Sunday, January 24, 2010

my shoes fit.

I am proud to say that I have gotten more than one friend into her first pair of heels; and I am not ashamed to admit that I felt mass amounts of pride after each accomplishment. Seeing the shoe on the girl is not the part that thrills me (I'll leave that to you, boys), but rather, seeing the girl that shows up in front of the mirror when that "oh my gosh these are so adorable", delicate pair of shoes are planted underneath her feet. Watching how she stands up straighter, eyes herself with more grace, and grows less bambi-like with each attempt around the store is like a mini self-improvement project, that has absolutely nothing to do with me.

My first pair of heels were likely atrocious (in fact, I know they were) - I wasn't exactly a style guru at age 12 and I certainly wasn't comfortable enough in my own skin to pull them off well. But as a girl in a house full of girls (I have a patient dad), I quickly became accustomed to walking around on semi-tip toe, to the point where -in grade 8- I remember quite distinctly that I preferred to walk in heels. To this day I still prefer it, and although I find myself wearing them less and less, I am usually looking for an excuse to throw them on. To walk well in heels, you have to stand up straighter. You have to walk with confidence. You have to pay attention to where your feet are landing; it's a much longer drop for your ankle if you don't. Sure, it takes practice, but once you get there - walking in heels is just as easy as walking in bare feet. Only far more glamorous.

I've been thinking a lot lately about the transition into adulthood, and realizing that really: there isn't one. There is no one moment that makes us adults, or "all growed up." In actuality, there are about three thousand transitions a year (give or take a few thousand); from the time we are first walking to the day we step our last. As we age, we mature (well, most of us) and the sense that we're supposed to 'arrive somewhere, eventually' presses further and further onto our consciences. But I have a secret for you: to live is to experience transition. We are never, ever done.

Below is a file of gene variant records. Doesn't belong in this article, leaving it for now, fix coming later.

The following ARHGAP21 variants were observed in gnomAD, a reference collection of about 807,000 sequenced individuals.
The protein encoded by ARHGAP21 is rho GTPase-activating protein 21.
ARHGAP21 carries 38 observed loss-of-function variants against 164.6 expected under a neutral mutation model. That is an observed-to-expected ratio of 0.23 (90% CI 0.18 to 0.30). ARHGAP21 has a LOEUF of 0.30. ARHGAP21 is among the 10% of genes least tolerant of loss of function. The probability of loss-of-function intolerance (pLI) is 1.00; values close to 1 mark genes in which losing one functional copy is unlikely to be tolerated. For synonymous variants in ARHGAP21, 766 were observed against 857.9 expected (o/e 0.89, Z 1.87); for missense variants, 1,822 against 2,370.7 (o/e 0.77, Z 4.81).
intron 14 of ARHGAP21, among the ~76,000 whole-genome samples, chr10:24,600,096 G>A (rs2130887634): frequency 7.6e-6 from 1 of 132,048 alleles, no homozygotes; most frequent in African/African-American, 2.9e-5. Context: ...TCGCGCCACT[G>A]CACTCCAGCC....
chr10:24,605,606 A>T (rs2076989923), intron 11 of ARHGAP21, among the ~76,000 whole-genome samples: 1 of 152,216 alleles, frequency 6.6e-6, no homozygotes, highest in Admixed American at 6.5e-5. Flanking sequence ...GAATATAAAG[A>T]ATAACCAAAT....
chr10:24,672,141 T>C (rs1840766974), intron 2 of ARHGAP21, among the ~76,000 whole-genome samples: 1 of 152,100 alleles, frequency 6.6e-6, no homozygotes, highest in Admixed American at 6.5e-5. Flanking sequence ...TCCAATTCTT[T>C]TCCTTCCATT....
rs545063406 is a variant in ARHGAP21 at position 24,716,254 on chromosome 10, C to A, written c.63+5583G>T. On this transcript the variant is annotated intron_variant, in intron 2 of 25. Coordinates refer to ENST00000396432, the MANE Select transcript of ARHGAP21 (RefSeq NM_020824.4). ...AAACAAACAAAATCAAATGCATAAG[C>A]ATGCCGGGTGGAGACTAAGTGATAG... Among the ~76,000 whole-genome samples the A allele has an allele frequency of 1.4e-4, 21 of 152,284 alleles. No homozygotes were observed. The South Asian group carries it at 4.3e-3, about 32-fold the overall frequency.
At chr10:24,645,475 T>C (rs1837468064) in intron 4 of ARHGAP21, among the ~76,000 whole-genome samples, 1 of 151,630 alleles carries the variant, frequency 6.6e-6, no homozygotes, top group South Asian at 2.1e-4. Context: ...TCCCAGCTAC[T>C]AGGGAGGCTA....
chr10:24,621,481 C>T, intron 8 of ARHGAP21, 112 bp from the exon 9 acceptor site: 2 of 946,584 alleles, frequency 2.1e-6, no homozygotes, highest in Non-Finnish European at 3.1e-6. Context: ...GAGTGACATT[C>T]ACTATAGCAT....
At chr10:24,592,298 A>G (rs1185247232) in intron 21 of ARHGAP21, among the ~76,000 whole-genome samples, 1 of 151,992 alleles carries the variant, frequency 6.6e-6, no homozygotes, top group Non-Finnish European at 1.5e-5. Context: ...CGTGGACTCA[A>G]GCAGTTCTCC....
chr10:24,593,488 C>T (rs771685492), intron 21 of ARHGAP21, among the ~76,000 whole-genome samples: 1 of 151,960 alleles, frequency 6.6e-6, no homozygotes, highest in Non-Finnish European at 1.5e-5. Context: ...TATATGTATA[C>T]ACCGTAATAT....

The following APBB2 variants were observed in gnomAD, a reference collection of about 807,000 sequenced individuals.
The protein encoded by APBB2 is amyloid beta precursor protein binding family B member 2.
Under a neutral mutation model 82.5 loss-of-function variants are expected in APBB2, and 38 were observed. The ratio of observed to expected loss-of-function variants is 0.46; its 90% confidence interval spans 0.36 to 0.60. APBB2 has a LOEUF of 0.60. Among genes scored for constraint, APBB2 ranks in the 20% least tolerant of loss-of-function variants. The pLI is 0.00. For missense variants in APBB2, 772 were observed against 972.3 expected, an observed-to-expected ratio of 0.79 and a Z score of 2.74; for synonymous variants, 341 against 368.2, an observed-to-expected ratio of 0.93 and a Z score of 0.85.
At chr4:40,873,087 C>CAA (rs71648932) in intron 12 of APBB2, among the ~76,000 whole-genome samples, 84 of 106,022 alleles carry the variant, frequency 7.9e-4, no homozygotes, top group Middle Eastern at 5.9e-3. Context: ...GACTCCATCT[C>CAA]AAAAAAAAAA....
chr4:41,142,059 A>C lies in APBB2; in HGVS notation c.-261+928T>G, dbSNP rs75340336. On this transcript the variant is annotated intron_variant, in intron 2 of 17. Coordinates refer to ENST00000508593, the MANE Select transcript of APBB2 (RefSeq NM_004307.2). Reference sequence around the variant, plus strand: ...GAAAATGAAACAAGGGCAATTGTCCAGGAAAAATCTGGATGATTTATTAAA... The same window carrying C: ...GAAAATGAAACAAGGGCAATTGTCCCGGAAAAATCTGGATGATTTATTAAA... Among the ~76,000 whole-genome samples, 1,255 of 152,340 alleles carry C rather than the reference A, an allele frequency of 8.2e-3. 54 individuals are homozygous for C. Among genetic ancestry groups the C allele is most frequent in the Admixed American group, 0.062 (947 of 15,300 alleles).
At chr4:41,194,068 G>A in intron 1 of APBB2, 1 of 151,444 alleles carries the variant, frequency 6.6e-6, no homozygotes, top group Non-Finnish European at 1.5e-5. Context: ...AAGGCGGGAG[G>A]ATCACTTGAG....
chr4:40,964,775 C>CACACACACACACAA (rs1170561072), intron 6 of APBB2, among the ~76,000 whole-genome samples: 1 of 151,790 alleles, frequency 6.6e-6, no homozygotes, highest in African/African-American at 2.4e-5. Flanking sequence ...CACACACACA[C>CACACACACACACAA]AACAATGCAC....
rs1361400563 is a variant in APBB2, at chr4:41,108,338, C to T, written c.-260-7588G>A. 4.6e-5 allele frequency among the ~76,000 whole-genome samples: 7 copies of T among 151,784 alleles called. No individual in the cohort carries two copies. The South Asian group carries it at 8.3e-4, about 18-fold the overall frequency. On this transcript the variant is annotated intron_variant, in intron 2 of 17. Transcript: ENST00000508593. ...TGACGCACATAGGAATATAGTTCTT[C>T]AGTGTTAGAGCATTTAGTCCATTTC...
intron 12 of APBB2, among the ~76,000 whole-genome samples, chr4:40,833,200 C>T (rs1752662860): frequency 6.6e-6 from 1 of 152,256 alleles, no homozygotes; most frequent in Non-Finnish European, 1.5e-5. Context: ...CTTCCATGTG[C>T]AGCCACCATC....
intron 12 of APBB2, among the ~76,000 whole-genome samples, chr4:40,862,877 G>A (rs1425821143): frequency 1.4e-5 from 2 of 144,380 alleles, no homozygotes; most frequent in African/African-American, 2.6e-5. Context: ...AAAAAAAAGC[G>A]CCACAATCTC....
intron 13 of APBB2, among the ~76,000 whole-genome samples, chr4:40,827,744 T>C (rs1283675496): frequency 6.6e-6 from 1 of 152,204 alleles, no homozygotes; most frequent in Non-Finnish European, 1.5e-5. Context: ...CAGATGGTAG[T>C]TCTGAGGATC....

Some of these transitions in life tap you on your nose oh-so-gently, like a brightly colored lady bug with a funny story to tell. There are others that change the set time of your alarm clock and increase the frequency with which you brush your teeth or visit the dentist. And there are still others that shake you by the shoulders with force; demanding attention. Some transitions are tiny and seemingly insignificant to others: your very first Trivial Pursuit game played alone and won; your first solo road trip; your first dinner party as host(ess). Other transitions suggest a certain status: a large purchase, a significant relationship, a career choice. And once we've transitioned, we are asked again to change our minds or our clocks and, essentially, to transition once more.

There is no one thing that changes us from adolescent caterpillar to feather-wing-ed butterfly and leaves us in a permanent state of flight. Growing up means learning to fly, most definitely; but it also means learning to fall, too. It means we expect that we're going to moult on occasion; be it an outward layer or a deeply rooted belief. We begin to not only respect but to invite the process; we grow familiar with discomfort, but less and less afraid of it.

Regardless of the fact that I have worn and known how to walk in heels for the better part of my life, a new pair always hurts. There is always a moment during a night out in a new pair of heels where I think to myself  "ohmygoshthisisnot#&$*%&worthit"...but as my feet grow more and more accustomed to the new edges and angles, the more I am able to focus on the things I love about my shoes, and what drew me to them in the first place.

Adulthood is like the heels I love so much - uncomfortable at first, and at times outrageously painful (how much farther are we walking!?). But you know, after a few practice runs and a few glances in the mirror, I realize I really like these shoes, and maybe -just maybe- the temporary pain is worth it.

And this is the thought I had today: I feel a bit like Bambi on this new road God is carving; akward, knock-kneed, slighlty agitated about having to put one foot in front of the other. But despite my discomfort, I wouldn't change a day - past, or to come. These delicate and impracticle shoes of my latest venture fit me; and I know that once the pain is gone, I'm going to love them.


Ryan André said...

Seeing the shoe on the girl may indeed thrill us, but aren't they seriously bad for your joints or ligaments or something? Seeing some girls in stilettos makes me cringe because I think they (the girls, not the shoes) are going to break. :)

ashleyalvina said...

...small price to pay :)

anita said...

You inspire me.